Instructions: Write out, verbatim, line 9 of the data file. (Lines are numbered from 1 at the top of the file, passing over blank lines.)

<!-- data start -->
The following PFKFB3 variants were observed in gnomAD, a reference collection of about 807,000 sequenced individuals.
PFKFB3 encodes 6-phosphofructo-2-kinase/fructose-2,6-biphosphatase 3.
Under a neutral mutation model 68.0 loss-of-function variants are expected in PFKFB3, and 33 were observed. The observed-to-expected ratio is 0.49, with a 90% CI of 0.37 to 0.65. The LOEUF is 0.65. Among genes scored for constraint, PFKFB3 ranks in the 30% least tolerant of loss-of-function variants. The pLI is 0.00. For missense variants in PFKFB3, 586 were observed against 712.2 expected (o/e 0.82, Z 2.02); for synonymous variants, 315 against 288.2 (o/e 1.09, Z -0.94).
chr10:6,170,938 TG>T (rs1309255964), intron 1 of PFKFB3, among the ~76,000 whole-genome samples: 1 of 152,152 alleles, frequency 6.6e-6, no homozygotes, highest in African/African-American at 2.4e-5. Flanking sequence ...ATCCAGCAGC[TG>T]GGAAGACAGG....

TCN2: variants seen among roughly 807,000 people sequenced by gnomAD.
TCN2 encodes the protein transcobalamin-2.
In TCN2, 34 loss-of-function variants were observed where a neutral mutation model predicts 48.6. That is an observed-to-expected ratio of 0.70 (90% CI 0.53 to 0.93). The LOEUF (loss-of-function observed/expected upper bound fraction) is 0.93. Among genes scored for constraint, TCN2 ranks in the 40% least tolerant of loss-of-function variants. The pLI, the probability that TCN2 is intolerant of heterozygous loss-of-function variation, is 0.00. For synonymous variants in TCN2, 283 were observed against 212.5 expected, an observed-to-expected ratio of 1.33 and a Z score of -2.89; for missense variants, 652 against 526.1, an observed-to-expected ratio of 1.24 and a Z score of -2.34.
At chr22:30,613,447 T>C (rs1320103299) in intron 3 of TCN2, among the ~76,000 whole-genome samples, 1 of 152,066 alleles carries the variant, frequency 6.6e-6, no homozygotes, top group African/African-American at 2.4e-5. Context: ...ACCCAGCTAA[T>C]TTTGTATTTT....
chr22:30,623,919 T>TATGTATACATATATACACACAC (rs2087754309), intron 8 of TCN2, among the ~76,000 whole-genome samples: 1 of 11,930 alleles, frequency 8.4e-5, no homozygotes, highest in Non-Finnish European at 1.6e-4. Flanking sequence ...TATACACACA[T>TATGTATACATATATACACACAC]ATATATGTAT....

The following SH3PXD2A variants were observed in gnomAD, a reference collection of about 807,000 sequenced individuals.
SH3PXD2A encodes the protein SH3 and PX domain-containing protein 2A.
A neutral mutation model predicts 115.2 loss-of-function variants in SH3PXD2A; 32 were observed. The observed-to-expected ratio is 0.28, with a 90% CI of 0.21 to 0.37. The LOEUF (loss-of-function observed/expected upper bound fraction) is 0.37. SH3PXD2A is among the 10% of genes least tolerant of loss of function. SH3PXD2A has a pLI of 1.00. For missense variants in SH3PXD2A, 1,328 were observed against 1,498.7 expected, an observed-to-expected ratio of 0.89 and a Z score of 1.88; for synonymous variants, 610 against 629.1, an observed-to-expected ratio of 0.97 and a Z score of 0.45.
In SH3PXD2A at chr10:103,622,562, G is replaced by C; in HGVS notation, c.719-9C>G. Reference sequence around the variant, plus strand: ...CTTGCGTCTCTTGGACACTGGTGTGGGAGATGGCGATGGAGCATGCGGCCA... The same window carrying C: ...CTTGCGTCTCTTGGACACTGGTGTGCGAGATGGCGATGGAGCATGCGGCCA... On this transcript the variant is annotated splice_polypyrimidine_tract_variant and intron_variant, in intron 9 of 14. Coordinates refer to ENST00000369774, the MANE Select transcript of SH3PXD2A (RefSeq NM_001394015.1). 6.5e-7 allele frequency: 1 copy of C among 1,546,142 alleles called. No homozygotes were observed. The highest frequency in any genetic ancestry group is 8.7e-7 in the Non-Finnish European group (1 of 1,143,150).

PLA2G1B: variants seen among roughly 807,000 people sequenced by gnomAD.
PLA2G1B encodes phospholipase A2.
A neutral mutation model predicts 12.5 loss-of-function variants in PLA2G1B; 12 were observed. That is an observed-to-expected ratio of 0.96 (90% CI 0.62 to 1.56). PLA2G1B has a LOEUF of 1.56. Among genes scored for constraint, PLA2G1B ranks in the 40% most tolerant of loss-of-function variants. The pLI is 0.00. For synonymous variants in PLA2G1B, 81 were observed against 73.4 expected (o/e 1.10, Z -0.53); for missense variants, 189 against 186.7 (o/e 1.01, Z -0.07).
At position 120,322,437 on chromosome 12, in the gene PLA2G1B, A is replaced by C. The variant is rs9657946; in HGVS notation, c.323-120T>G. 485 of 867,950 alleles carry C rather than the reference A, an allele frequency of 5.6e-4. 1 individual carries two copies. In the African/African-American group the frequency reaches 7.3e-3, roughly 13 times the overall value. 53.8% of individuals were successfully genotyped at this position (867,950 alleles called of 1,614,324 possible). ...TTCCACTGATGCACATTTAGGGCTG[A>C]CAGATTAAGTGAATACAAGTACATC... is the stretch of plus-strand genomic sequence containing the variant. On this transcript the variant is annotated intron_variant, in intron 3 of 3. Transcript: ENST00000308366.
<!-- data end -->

chr22:30,623,919 T>TATGTATACATATATACACACAC (rs2087754309), intron 8 of TCN2, among the ~76,000 whole-genome samples: 1 of 11,930 alleles, frequency 8.4e-5, no homozygotes, highest in Non-Finnish European at 1.6e-4. Flanking sequence ...TATACACACA[T>TATGTATACATATATACACACAC]ATATATGTAT....